Skull broken by Hemingray automobile


Publication: The Muncie Morning Star

Muncie, IN, United States



Seemingly Unavoidable Accident

Results in Lad's

Serious Injury.


Manufacturer's Machine

Running Slow, He Says.

In what was seemingly an unavoidable accident Daniel Skelly, 15 years old, son of Mrs. Catherine Skelly, a tailoress living at 825 East Jackson street, was seriously, but probably not fatally injured last night about 8 o'clock when he was run over by an automobile owned and driven by Ralph Hemingray, the glass manufacturer.

With his head badly cut and bruised and suffering a fracture of the skull, the lad was picked up by Mr. Hemingray and a hurried run was made to the Mix hospital where the child's injuries were dressed. At an early hour this morning the boy was resting comfortably and Dr. Mix said that at present he could not venture a positive opinion as to the outcome of the boy's injuries, although he said he thought that they would not prove fatal unless complications set in.

The accident occurred at the corner of Main and Madison streets. In the machine with Mr. Hemingray at the time of the accident were Mrs. Hemingray, a young nephew and a dressmaker employed by Mrs. Hemingray. The party had just left the Hemingray home a few minuted before the accident to take Mrs. Hemingray's dressmaker to her home on Kirby avenue.

Mr. Hemingray drove drove east on Main street to Vine and turned south to cut over to Kirby avenue but when he found Jackson torn up he was compelled to turn around and he came back to Main street. He was driving on the north side of Main street and just as he started to turn over to the right side upon Madison the Skelly boy, with James Scott and Wiley Spurgeon, came from the west on Main street on their bicycles. Young Skelly was riding on the south side of the street car track and the three lads were talking as they rode along.


Turned in the Same Direction.


When the Skelly lad saw the automobile turning across the street he turned his bicycle south on Madison street in the same direction the auto was going. The lad either fell from his wheel or he tried to turn in front of the automobile and he was caught beneath the machine. One of the boys said Skelly fell from his bicycle as he turned alongside the car. Mr. Hemingray stopped the car so quickly that one of the front wheels rested on the lad's head and it was necessary to push the car back off the boys body.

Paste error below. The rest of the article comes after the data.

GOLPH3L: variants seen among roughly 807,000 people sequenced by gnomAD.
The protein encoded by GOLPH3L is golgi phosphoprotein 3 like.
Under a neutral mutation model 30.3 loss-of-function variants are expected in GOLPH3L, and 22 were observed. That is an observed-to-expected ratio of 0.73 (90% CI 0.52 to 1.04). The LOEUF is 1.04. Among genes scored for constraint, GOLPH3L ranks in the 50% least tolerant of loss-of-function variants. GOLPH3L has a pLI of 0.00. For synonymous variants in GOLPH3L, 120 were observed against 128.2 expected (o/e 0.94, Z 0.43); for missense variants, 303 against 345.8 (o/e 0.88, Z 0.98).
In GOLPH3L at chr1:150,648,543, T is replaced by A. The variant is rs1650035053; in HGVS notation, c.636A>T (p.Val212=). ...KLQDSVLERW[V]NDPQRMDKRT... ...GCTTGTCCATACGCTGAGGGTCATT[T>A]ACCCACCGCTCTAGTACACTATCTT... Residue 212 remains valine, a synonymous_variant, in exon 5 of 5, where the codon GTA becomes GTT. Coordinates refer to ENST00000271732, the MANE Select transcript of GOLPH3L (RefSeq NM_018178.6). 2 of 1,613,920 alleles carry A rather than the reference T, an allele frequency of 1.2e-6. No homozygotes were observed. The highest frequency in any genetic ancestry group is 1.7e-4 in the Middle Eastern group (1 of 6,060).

The boy did not lose consciousness and when the car was pushed off his head he tried to get up by himself. As he was lifted up by Mr. Hemingray and another man and placed in the automobile the lad said "I'm all right. I'm not hurt." The extent of the boy's injuries was not known until he was taken to the hospital. There it was found that his scalp was badly torn as the result of his head being crushed into the gravel; the skull was found to be fractured and the scalp bone in some places was worn smooth. The lad's face was also badly scratched and bruised but no bones were broken about the body and it is thought he is not internally injured.

Mr. and Mrs. Hemingray, both of whom expressed great sorrow over the accident, did everything possible for the injured lad and they remained at the hospital until assured that there was nothing further that they could do. They then went to the home of the boy's mother to extend what aid they could.


Says Accident Was Unavoidable.


"It seems that it was just an unavoidable accident," said Mr. Hemingray. "I know I could not have been running over eight miles an hour, if that. I had been having trouble with the engine on the car and I told Mrs. Hemingray that it was impossible for me to run on high speed. How this lad got got under the wheel I don't know. I know I stopped just as quickly as I could and I don't believe my car went five feet after we collided. I noticed the lad coming on the bicycle but I supposed he would go around me as I turned south down Madison street. All we can do is to hope that the little fellow spp will get well."

Mr. Hemingray is considered a careful driver.

In order to prevent tetanus or complications serum was administered to the lad last night. Young Skelly is employed at the Arthur Helm drug store on east Main street, and he was on his way back to the store from the postoffice, where he had been sent to buy some stamps, when the accident occurred.

Researcher notes: 
Supplemental information: 
Researcher:Bob Stahr
Date completed:September 8, 2009 by: Bob Stahr;